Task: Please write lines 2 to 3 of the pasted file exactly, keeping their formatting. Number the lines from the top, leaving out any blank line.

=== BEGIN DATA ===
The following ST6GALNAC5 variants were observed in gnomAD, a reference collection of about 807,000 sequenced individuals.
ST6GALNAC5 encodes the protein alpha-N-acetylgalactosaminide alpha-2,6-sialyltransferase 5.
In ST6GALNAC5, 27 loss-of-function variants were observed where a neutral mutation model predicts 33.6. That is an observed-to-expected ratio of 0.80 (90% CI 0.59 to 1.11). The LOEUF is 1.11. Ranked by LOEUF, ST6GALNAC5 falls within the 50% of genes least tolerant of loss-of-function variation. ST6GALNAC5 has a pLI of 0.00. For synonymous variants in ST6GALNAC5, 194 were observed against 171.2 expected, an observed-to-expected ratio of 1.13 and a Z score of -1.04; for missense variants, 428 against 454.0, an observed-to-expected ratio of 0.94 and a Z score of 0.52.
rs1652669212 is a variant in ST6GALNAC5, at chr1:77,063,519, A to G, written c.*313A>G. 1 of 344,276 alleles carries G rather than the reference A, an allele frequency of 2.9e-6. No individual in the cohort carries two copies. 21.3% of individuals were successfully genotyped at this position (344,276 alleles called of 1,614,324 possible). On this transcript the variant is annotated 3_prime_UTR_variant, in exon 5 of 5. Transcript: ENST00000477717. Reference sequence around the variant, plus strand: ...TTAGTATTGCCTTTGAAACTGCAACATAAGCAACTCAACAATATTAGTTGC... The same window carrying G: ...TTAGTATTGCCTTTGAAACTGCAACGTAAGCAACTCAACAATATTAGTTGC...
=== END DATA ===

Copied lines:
ST6GALNAC5 encodes the protein alpha-N-acetylgalactosaminide alpha-2,6-sialyltransferase 5.
In ST6GALNAC5, 27 loss-of-function variants were observed where a neutral mutation model predicts 33.6. That is an observed-to-expected ratio of 0.80 (90% CI 0.59 to 1.11). The LOEUF is 1.11. Ranked by LOEUF, ST6GALNAC5 falls within the 50% of genes least tolerant of loss-of-function variation. ST6GALNAC5 has a pLI of 0.00. For synonymous variants in ST6GALNAC5, 194 were observed against 171.2 expected, an observed-to-expected ratio of 1.13 and a Z score of -1.04; for missense variants, 428 against 454.0, an observed-to-expected ratio of 0.94 and a Z score of 0.52.